For the third in the series and possibly the last I am going to look at the little doosie that was presented to me the other day where the seconds of time passed from a system are presented as an integer and needed converting to a time, when I say a time I mean a time that will add up in MS Excel where the hour part could be over 24, so not strictly a valid DB2 time.

We have a new VOIP phone system here at work and apart from all the times (call start, call end, logged on, logged off) being in the number of seconds from 01/01/1970 (Unix time) so DB2 can handle this very well adding the timestamp of 01/01/1970 with the seconds and you get the correct timestamp of the call. The other interesting thing it does is it records all call times in seconds and this needs converting to hh:mm:ss for reporting purposes. To do this I was reminded by a colleague of the MOD function that DB2 has. MOD returns the remainder as an integer, opposed to the number of times the value will dived.

So you can do something like this to get the hours, minuits and seconds as a VALUES statement where <INTEGER> is the total seconds:

VALUES TRIM(VARCHAR((<INTEGER>/3600))) || 'h' ||TRIM(VARCHAR((MOD(<INTEGER>,3600))/60)) || 'm' ||TRIM(VARCHAR(MOD(MOD(<INTEGER>,3600/60), 60))) || 's'

If you substituted <INTEGER> for 3681 it returns the result:

1 ------- 1h1m21s

Which as far as I can work out is correct. There are 3600 seconds in an hour, so to work out hours then you divide seconds by 3600, to get minuits you use MOD to get the remainder of the passed in value and then divide by sixty (the result of MOD will still be in seconds) the result of the division because it is an integer will be returned as an integer so there are some second s remaining. To work out the seconds remaining then you need to MOD the value from the working out the number of minuits to get the seconds.

So then the next step is too produce a function that returns a time:

CREATE FUNCTION GLOBAL.GET_TIME (ININ_SECONDSINTEGER)DETERMINISTICNO EXTERNAL ACTIONRETURNSVARCHAR(10)LANGUAGE SQLBEGIN ATOMIC----------------------------------------------------------------------------------------------------------------------------------------------------------Phil C - 14/06/2012--Takes in an integer and returns a varchar representation of a time for-- use in excel as opposed to anything beging a valid DB2 time type------------------------------------------------------------------------------------------------------------------------------------------------------------------------------------------------------------------------------------------------------------------------------------------------------------------Create some varsDECLAREOUT_TIMEVARCHAR(10);DECLAREHOUR_PARTINTEGER;DECLAREMIN_PARTINTEGER;DECLARESEC_PARTINTEGER;DECLAREHOUR_PART_VVARCHAR(5);DECLAREMIN_PART_VVARCHAR(3);DECLARESEC_PART_VVARCHAR(2);----------------------------------------------------------------------------------------------------------------------------------------------------------Set some varsSETHOUR_PART = (IN_SECONDS/3600);SETMIN_PART = (MOD(IN_SECONDS,3600)/60);SETSEC_PART = (MOD(MOD(IN_SECONDS,3600/60), 60));----------------------------------------------------------------------------------------------------------------------------------------------------------Fattern the values outIF(HOUR_PART < 10)THENSETHOUR_PART_V = '0' ||TRIM(VARCHAR(HOUR_PART)) || ':';ELSESETHOUR_PART_V =TRIM(VARCHAR(HOUR_PART)) || ':';END IF;IF(MIN_PART < 10)THENSETMIN_PART_V = '0' ||TRIM(VARCHAR(MIN_PART)) || ':';ELSESETMIN_PART_V =TRIM(VARCHAR(MIN_PART)) || ':';END IF;IF(SEC_PART < 10)THENSETSEC_PART_V = '0' ||TRIM(VARCHAR(SEC_PART));ELSESETSEC_PART_V =TRIM(VARCHAR(SEC_PART));END IF;----------------------------------------------------------------------------------------------------------------------------------------------------------Create the end valueSETOUT_TIME = (HOUR_PART_V || MIN_PART_V || SEC_PART_V);----------------------------------------------------------------------------------------------------------------------------------------------------------Return the valueRETURNOUT_TIME;END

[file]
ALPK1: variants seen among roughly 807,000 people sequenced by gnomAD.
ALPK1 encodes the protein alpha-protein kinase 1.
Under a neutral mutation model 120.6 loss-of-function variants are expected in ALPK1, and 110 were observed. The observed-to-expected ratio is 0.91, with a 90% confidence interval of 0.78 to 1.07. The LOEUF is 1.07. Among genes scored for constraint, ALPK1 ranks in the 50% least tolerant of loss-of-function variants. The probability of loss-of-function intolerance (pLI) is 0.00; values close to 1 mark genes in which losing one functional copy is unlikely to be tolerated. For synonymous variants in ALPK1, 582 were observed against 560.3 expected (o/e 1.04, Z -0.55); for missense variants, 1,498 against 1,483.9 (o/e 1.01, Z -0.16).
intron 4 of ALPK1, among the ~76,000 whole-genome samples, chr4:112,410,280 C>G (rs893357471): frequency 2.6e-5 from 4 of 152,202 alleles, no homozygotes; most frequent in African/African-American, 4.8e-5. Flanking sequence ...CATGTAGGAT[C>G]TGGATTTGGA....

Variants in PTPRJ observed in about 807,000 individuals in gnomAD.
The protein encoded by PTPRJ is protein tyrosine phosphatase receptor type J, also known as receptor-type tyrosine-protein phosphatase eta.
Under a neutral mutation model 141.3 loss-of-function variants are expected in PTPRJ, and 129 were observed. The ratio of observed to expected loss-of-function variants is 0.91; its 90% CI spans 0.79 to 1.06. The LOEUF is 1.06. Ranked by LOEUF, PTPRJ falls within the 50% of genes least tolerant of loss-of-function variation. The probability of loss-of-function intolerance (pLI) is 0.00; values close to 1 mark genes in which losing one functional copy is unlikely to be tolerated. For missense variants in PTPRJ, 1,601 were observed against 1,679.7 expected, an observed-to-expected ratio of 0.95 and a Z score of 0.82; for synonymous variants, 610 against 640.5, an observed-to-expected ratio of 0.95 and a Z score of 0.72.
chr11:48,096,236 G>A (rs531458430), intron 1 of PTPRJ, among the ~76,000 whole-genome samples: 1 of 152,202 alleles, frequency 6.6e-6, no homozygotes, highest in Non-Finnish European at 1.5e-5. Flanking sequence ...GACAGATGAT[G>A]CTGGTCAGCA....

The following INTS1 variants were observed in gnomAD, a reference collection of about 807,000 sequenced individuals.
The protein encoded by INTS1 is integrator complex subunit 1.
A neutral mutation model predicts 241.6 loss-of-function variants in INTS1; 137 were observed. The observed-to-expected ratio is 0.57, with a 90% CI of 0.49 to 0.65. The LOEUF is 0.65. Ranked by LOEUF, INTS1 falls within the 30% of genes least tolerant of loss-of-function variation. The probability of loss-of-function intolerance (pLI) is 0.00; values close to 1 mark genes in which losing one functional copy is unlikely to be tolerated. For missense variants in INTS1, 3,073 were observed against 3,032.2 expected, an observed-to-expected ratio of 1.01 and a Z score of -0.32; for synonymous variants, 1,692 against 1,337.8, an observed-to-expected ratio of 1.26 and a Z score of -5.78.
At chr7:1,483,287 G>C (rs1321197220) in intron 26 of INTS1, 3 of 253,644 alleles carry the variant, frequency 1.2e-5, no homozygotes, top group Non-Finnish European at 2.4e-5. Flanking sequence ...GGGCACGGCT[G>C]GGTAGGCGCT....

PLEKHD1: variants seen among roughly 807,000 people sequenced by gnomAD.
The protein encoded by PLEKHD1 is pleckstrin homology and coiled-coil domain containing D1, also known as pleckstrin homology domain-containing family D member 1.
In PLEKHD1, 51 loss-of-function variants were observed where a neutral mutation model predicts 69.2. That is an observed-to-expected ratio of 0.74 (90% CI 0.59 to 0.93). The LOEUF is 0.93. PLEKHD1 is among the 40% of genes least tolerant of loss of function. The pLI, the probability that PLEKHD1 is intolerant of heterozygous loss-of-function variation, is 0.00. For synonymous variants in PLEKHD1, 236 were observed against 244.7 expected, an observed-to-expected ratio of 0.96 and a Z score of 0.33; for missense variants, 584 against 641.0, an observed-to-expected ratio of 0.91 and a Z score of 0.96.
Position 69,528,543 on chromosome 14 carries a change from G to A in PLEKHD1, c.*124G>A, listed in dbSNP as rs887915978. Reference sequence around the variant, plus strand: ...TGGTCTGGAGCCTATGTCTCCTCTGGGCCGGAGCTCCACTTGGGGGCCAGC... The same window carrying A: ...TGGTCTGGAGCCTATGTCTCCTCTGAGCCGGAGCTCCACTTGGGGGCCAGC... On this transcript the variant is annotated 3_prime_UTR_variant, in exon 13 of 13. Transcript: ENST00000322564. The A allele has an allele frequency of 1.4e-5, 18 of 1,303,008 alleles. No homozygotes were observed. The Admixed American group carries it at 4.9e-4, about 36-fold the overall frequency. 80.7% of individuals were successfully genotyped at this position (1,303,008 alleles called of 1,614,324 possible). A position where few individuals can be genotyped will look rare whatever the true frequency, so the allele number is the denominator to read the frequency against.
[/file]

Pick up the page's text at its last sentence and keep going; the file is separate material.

So this will return a time like result up to 9999:59:59 and you will be able to export a result set to Excel or the like and then it can be added up. DB2 will not accept this as a time! So when you run this:

VALUES GLOBAL.GET_TIME(3681)

Returns

1 -------- 01:01:21

Which is the same result as at the start so I think the function is a good one. Till next time happy UDF’ing

Coverting seconds to a time? Too easy in DB2.

TIME(‘00.00’) + () SECONDS

In DB2 10 for z/OS can then use VARCHAR_FORMAT to put out the result in a wide variety of string representations, or can use TRANSLATE trick on HEX function applied to the time value, to insert any characters you like in whatever positions, e.g.

TRANSLATE(‘127348569’,HEX(TIME(‘00.00’) + (3681) SECONDS) CONCAT ‘hms’, ‘123456789’)

To explain first char ‘1’ is looked up in 3rd argument, found in first position and replaced by 1st hex digit of hours. 3rd char ‘7’ is looked up in 3rd argument, found in position 7 and replaced by 7th char of argument 2 which is ‘h’, etc.

Result should be ’01h01m21s’.

Unfortunately I can’t test right this minute so forgive me if I made a slight syntax fault.

Another way which might perform better than TRANSLATE:

INSERT(INSERT(HEX(TIME(‘00.00’) + (3681) SECONDS), 3, 0, ‘h’), 6, 0, ‘m’)!!’s’

If you really don’t want leading zeros then I would change to

TRIM(VARCHAR(HOUR(TIME(‘00.00′) + (3681) SECONDS)))!!’h’

!!TRIM(VARCHAR(MINUTE(TIME(‘00.00′) + (3681) SECONDS)))!!’m’

!!TRIM(VARCHAR(SECOND(TIME(‘00.00′) + (3681) SECONDS)))!!’s’

to use DB2’s internal time manipulation functions

() seconds contained inside the brackets but it disappeared